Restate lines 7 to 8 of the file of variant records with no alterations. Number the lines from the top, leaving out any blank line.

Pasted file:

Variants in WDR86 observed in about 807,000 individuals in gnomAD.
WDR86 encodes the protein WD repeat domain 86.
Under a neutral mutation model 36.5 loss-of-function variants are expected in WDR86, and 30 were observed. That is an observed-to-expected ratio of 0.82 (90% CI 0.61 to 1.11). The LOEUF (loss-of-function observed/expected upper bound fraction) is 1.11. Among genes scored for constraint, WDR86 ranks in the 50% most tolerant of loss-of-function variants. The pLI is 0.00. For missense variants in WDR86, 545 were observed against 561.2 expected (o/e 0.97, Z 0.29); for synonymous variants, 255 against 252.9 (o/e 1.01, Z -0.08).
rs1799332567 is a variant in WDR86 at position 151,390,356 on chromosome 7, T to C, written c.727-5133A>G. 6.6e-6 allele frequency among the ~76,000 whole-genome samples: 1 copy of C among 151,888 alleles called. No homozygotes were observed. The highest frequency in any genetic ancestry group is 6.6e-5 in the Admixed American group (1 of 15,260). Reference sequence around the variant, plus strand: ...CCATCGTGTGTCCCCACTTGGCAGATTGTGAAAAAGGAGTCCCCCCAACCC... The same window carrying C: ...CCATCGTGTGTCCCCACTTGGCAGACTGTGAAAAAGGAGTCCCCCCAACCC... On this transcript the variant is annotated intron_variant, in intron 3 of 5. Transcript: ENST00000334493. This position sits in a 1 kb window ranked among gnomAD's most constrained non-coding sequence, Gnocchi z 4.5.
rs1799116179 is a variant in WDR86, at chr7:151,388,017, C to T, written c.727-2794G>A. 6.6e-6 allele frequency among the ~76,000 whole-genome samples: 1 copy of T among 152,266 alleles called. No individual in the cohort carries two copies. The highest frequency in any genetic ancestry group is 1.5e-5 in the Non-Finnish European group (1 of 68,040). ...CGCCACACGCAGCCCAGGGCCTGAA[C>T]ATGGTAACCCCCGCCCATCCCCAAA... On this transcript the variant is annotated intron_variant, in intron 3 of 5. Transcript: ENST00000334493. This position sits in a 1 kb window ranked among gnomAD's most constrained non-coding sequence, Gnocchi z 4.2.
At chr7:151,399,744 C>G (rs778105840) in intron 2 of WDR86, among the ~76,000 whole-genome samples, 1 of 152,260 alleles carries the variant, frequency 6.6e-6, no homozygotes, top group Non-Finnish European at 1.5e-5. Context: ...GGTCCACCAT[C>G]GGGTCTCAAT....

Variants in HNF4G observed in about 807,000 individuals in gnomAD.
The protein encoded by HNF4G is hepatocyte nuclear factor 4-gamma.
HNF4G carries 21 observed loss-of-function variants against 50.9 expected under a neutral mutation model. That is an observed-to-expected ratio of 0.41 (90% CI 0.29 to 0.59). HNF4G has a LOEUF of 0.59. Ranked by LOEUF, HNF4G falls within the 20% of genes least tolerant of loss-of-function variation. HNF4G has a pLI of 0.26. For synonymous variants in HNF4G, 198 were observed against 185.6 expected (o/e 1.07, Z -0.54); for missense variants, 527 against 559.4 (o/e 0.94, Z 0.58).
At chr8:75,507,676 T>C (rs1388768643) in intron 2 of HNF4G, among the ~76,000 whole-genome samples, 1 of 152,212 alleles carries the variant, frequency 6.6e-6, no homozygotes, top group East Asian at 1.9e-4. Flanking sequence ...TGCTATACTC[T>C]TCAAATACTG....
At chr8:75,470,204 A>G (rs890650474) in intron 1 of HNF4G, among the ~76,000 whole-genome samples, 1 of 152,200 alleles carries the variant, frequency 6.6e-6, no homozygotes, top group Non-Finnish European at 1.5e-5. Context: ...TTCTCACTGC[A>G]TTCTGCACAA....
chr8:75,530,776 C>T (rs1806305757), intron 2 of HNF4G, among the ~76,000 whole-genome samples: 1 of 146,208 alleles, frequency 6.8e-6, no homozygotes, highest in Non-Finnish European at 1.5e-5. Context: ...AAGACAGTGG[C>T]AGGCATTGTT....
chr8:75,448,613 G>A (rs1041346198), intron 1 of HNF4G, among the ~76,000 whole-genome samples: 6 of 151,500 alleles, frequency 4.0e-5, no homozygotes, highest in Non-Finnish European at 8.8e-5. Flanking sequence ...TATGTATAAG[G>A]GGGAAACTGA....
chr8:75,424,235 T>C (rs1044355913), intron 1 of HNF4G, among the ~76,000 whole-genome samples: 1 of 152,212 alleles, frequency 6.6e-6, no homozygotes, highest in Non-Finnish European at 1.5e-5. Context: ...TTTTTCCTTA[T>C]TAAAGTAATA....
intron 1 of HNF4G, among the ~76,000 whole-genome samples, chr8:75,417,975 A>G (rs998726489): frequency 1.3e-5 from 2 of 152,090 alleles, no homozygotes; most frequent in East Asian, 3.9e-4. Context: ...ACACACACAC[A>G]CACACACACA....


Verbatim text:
Variants in HNF4G observed in about 807,000 individuals in gnomAD.
The protein encoded by HNF4G is hepatocyte nuclear factor 4-gamma.